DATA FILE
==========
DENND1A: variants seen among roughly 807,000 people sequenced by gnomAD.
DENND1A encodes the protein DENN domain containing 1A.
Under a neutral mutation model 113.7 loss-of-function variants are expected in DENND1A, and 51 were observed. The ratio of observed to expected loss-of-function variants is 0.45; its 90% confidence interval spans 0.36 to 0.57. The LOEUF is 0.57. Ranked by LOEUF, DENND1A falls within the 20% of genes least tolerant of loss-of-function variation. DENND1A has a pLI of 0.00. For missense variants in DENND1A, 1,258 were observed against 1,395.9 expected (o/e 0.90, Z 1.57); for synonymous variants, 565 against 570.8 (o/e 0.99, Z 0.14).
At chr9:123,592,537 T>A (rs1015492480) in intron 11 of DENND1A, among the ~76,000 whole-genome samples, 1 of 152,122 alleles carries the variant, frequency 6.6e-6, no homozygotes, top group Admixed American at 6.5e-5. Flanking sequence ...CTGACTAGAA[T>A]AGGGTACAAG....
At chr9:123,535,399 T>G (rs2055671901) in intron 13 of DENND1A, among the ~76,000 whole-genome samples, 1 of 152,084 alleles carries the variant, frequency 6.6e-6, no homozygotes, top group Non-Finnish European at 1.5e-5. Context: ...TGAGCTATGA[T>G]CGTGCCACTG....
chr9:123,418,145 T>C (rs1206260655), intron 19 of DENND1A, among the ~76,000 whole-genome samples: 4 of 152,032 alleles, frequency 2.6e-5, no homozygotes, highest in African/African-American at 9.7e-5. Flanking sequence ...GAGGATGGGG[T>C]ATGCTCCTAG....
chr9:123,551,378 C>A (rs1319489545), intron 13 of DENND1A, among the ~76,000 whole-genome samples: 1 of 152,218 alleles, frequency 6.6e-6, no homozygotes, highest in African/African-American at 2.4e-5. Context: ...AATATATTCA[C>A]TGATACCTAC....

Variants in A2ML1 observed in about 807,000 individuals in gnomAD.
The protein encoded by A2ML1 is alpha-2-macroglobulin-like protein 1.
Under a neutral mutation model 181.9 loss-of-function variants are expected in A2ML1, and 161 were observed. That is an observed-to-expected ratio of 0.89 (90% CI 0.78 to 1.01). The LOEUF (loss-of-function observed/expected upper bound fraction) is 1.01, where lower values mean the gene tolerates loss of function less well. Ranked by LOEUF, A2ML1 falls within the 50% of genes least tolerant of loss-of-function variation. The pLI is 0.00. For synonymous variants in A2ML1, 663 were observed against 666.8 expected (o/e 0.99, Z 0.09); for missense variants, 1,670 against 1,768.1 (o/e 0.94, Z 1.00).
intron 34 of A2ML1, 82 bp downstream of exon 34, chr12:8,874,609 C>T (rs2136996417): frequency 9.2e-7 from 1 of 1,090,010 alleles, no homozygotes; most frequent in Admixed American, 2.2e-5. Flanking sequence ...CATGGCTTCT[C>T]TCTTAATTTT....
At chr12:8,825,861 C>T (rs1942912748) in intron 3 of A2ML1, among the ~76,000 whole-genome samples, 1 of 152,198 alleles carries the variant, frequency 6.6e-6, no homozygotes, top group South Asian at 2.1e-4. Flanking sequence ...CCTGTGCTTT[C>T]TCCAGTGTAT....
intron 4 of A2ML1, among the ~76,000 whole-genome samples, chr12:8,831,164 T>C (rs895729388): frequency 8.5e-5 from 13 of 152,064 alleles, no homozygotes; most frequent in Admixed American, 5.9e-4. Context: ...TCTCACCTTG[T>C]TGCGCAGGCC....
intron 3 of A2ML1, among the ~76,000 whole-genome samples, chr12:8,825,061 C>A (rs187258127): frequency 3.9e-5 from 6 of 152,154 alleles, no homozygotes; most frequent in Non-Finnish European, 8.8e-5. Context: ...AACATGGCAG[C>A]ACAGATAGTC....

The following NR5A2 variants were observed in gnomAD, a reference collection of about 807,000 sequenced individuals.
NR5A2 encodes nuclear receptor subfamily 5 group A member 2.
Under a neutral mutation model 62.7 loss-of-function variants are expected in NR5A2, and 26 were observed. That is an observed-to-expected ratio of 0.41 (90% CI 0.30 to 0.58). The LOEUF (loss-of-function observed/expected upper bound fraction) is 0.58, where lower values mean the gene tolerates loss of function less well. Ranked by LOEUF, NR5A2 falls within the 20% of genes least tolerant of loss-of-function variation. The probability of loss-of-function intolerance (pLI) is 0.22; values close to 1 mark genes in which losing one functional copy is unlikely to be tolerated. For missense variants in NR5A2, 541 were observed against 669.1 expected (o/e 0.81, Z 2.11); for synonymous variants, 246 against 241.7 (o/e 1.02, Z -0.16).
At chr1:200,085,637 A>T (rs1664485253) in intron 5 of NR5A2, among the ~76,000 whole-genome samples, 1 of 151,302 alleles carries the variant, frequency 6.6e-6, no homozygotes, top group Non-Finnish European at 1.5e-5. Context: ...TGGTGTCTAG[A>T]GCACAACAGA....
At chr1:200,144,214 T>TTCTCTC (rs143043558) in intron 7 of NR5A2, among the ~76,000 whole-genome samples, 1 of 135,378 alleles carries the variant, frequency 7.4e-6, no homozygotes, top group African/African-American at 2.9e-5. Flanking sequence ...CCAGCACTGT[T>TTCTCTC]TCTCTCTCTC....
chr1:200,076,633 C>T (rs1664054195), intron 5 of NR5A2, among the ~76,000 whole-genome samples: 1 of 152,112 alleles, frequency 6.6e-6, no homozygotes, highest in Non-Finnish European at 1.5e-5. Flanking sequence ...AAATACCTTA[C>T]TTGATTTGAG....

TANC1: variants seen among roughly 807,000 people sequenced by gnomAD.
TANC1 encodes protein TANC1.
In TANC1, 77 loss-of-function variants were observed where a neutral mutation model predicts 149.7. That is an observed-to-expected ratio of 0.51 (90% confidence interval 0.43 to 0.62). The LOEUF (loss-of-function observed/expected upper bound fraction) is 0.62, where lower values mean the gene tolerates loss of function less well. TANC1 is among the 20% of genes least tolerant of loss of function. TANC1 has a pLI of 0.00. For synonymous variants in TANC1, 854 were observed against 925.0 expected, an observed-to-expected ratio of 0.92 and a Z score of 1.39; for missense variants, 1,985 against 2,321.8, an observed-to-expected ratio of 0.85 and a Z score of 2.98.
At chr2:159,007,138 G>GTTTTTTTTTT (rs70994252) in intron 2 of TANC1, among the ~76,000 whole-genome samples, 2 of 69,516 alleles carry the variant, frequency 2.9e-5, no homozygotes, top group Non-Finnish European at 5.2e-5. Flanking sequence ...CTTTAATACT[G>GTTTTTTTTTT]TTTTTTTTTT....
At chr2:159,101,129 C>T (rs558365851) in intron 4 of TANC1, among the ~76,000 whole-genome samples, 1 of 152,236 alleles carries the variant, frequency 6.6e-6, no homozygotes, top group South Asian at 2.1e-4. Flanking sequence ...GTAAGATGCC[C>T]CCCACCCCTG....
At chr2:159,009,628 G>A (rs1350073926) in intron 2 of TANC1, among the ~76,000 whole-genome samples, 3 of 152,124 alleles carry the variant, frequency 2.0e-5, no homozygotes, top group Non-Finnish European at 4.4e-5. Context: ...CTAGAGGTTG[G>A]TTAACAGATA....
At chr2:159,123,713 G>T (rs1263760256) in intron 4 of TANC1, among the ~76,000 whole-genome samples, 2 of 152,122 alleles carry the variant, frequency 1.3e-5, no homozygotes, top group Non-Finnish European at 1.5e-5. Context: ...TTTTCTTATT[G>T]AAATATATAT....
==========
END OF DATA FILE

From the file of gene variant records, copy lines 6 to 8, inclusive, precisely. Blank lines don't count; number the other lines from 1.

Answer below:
chr9:123,418,145 T>C (rs1206260655), intron 19 of DENND1A, among the ~76,000 whole-genome samples: 4 of 152,032 alleles, frequency 2.6e-5, no homozygotes, highest in African/African-American at 9.7e-5. Flanking sequence ...GAGGATGGGG[T>C]ATGCTCCTAG....
chr9:123,551,378 C>A (rs1319489545), intron 13 of DENND1A, among the ~76,000 whole-genome samples: 1 of 152,218 alleles, frequency 6.6e-6, no homozygotes, highest in African/African-American at 2.4e-5. Context: ...AATATATTCA[C>A]TGATACCTAC....

Variants in A2ML1 observed in about 807,000 individuals in gnomAD.